What’s auditory processing disorder?


Auditory processing disorder (APD) is when the brain has a problem comprehending the signal that is sent to it. It’s “what we do with what we hear”. There are two parts to hearing. The first is detection, the ability to simply hear a sound and let someone know that you heard it. The other part is processing, the brain’s ability to make sense of the sounds and words that come to the auditory part of the brain.

Auditory processing disorder is hard to diagnose because most of the time audiological test results are normal. Sometimes speech understanding tests can indicate poorer word discrimination scores than would be expected with normal hearing.

Signs your child may have an auditory processing disorder are:
Difficulties hearing in background noise
Difficulty following directions
Difficulty localizing where sounds are coming from
Short attention span
Asking for repetitions of speech even when it’s quiet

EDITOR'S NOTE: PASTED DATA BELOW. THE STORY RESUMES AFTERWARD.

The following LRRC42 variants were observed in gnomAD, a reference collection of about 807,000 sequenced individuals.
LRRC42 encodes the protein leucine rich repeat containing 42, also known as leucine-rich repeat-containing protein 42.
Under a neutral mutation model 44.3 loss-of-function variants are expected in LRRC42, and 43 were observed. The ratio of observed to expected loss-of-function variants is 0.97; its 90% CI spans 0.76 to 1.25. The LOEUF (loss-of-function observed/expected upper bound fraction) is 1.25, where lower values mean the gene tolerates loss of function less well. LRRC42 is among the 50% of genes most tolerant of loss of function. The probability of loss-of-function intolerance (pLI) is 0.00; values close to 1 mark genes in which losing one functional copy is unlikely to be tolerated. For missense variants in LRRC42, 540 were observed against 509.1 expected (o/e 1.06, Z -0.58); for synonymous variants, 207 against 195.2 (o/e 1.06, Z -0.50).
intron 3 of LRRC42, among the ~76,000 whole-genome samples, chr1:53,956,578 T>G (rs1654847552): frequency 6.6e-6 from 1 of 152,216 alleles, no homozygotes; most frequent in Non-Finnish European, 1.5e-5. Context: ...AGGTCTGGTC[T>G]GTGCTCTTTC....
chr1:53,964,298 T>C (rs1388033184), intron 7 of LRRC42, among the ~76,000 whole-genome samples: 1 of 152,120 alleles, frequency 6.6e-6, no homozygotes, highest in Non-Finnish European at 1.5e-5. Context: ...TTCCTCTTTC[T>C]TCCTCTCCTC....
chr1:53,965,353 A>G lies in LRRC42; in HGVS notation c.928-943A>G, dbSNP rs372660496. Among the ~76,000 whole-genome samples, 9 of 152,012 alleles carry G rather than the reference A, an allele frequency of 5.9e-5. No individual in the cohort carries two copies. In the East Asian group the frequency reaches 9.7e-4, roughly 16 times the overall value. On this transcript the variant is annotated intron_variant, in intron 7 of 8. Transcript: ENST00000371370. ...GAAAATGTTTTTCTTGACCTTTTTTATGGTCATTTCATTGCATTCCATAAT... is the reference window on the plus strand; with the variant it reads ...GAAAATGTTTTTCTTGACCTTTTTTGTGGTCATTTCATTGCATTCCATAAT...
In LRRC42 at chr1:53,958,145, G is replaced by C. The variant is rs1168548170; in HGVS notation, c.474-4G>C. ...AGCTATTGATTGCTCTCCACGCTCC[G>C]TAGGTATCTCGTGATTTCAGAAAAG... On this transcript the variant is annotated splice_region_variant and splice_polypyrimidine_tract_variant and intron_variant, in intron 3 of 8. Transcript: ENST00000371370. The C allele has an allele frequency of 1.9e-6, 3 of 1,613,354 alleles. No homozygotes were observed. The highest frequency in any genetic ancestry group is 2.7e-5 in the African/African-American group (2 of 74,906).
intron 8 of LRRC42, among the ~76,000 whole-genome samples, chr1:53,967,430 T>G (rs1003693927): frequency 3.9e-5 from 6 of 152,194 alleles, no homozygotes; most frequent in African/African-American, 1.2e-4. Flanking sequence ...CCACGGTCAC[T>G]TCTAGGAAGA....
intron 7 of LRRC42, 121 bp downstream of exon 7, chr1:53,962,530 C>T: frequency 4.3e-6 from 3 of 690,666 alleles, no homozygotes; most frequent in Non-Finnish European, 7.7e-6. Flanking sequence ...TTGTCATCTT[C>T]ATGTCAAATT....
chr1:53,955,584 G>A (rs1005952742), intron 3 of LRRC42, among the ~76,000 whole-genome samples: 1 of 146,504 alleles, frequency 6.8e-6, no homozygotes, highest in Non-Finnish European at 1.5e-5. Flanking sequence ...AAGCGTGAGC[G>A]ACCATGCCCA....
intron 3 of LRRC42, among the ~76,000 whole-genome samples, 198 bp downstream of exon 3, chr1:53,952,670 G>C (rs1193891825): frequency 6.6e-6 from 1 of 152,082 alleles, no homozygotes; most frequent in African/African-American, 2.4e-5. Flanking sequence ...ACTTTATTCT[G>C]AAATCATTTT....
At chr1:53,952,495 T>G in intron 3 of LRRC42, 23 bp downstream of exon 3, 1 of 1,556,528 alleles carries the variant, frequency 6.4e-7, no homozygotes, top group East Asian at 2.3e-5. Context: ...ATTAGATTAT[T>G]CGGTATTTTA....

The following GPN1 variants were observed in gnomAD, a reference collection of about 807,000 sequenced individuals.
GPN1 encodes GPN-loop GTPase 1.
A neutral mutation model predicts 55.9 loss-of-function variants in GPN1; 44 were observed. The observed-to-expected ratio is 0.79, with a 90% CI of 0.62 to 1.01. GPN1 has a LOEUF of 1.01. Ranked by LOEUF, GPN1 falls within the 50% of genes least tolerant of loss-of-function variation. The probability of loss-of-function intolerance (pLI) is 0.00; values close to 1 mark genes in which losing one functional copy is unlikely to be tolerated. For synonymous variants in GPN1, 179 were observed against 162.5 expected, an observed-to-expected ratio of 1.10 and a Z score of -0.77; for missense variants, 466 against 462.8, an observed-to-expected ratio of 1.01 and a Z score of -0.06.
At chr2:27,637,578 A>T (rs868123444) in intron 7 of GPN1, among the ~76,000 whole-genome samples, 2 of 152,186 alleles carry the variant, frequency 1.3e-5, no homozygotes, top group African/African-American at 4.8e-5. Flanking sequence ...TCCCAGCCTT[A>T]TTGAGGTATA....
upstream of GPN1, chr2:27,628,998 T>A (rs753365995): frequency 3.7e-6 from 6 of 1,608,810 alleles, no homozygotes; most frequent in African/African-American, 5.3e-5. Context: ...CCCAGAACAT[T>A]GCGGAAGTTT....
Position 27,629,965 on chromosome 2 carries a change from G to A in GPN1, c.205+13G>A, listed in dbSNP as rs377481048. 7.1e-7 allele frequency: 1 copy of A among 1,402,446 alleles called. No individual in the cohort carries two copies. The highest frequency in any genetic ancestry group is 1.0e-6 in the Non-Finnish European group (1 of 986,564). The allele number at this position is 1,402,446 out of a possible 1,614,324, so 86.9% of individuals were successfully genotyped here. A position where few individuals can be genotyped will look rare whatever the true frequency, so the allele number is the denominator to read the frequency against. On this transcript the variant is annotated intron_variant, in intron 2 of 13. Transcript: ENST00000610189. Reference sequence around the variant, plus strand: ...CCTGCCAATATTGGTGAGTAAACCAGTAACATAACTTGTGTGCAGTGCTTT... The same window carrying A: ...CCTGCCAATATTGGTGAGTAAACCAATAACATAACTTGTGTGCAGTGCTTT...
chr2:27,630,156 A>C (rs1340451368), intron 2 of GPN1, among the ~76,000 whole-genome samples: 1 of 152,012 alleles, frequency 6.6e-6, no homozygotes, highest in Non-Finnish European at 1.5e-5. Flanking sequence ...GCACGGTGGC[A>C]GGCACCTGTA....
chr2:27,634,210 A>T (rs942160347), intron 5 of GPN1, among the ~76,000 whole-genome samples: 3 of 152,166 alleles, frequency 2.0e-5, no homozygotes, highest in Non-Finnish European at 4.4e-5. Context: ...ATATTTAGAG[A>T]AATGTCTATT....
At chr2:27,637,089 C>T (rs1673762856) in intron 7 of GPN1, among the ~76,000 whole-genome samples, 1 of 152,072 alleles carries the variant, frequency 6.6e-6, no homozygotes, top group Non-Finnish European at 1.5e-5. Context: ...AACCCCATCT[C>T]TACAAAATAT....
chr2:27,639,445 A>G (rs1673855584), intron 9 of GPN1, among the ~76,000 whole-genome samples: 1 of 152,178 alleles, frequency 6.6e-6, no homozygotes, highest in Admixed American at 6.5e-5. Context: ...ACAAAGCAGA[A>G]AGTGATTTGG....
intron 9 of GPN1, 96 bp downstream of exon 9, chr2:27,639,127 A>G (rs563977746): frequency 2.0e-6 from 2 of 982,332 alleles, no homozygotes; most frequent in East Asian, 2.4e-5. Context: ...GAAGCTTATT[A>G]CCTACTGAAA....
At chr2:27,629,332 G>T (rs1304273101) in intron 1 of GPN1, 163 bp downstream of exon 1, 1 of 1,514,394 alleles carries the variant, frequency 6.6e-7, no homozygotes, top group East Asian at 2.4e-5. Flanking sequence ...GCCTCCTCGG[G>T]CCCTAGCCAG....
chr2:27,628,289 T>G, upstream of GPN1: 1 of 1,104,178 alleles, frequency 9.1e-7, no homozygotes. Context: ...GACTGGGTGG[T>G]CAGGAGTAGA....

Auditory processing disorder is usually evaluated using a special group of listening tests involving words and sounds. It’s important to have a regular audiological evaluation first to rule out hearing loss. The audiologist that evaluates your child for APD will choose specific tests based on your child’s history and areas of concern. The testing can sometimes take 1-2 hours and may need to be split up into a couple of visits. He or she will then review the results of the testing with you after they are completed and evaluated and offer suggestions for helping your child. Suggestions can range from special seating in the classroom to an “FM” system or to a computerized therapy program to help your child strengthen his areas of difficulty.